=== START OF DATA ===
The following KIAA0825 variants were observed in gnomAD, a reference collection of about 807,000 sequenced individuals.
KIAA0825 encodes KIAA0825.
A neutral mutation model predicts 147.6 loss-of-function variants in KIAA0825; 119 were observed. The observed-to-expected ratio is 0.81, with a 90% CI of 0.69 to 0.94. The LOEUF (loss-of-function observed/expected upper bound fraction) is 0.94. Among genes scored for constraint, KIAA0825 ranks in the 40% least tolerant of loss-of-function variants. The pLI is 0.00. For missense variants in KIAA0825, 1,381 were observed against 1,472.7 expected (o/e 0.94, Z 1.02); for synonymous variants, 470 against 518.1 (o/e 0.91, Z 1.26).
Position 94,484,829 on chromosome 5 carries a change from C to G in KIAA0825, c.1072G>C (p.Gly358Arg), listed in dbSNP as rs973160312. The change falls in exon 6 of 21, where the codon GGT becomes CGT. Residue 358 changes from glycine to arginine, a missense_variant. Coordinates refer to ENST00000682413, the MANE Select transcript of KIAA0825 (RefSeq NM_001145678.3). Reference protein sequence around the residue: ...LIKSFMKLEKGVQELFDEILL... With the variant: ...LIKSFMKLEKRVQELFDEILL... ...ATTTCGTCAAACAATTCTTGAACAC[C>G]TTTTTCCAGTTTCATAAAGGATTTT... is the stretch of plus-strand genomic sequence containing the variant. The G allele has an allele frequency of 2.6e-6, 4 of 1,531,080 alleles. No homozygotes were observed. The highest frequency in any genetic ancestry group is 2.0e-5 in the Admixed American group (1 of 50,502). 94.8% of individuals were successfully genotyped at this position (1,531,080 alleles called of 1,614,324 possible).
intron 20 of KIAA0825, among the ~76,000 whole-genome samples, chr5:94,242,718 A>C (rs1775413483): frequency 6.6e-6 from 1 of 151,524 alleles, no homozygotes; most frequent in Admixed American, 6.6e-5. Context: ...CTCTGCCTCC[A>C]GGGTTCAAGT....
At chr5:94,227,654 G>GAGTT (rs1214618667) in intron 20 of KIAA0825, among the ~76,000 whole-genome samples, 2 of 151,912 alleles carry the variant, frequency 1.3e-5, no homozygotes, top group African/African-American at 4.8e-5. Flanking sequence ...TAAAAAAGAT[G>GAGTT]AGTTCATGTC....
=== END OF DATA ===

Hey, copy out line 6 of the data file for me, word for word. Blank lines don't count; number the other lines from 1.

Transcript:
At chr5:94,227,654 G>GAGTT (rs1214618667) in intron 20 of KIAA0825, among the ~76,000 whole-genome samples, 2 of 151,912 alleles carry the variant, frequency 1.3e-5, no homozygotes, top group African/African-American at 4.8e-5. Flanking sequence ...TAAAAAAGAT[G>GAGTT]AGTTCATGTC....